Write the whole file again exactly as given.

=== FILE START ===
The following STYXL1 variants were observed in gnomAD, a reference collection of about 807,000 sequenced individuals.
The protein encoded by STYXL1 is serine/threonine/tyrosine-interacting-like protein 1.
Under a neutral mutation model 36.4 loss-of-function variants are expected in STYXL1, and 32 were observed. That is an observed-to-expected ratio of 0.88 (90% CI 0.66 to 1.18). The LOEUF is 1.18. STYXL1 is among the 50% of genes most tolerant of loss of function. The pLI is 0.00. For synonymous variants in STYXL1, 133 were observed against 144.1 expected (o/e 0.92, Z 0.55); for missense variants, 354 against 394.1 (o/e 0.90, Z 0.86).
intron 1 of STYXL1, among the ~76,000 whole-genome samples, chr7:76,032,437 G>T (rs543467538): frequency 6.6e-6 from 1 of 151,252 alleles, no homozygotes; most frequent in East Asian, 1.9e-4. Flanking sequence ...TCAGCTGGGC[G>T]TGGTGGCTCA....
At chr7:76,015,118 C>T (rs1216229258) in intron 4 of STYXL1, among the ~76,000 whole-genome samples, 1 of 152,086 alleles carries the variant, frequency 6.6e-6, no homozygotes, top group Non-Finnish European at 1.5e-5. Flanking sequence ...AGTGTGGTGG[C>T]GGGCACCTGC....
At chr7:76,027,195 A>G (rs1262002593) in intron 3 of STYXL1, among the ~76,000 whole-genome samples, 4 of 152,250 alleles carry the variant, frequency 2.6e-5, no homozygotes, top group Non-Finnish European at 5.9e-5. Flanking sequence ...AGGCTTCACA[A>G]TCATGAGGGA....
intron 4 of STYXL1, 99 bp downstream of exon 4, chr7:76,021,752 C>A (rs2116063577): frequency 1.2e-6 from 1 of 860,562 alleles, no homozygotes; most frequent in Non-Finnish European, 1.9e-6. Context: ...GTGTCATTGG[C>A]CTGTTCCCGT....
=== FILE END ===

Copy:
The following STYXL1 variants were observed in gnomAD, a reference collection of about 807,000 sequenced individuals.
The protein encoded by STYXL1 is serine/threonine/tyrosine-interacting-like protein 1.
Under a neutral mutation model 36.4 loss-of-function variants are expected in STYXL1, and 32 were observed. That is an observed-to-expected ratio of 0.88 (90% CI 0.66 to 1.18). The LOEUF is 1.18. STYXL1 is among the 50% of genes most tolerant of loss of function. The pLI is 0.00. For synonymous variants in STYXL1, 133 were observed against 144.1 expected (o/e 0.92, Z 0.55); for missense variants, 354 against 394.1 (o/e 0.90, Z 0.86).
intron 1 of STYXL1, among the ~76,000 whole-genome samples, chr7:76,032,437 G>T (rs543467538): frequency 6.6e-6 from 1 of 151,252 alleles, no homozygotes; most frequent in East Asian, 1.9e-4. Flanking sequence ...TCAGCTGGGC[G>T]TGGTGGCTCA....
At chr7:76,015,118 C>T (rs1216229258) in intron 4 of STYXL1, among the ~76,000 whole-genome samples, 1 of 152,086 alleles carries the variant, frequency 6.6e-6, no homozygotes, top group Non-Finnish European at 1.5e-5. Flanking sequence ...AGTGTGGTGG[C>T]GGGCACCTGC....
At chr7:76,027,195 A>G (rs1262002593) in intron 3 of STYXL1, among the ~76,000 whole-genome samples, 4 of 152,250 alleles carry the variant, frequency 2.6e-5, no homozygotes, top group Non-Finnish European at 5.9e-5. Flanking sequence ...AGGCTTCACA[A>G]TCATGAGGGA....
intron 4 of STYXL1, 99 bp downstream of exon 4, chr7:76,021,752 C>A (rs2116063577): frequency 1.2e-6 from 1 of 860,562 alleles, no homozygotes; most frequent in Non-Finnish European, 1.9e-6. Context: ...GTGTCATTGG[C>A]CTGTTCCCGT....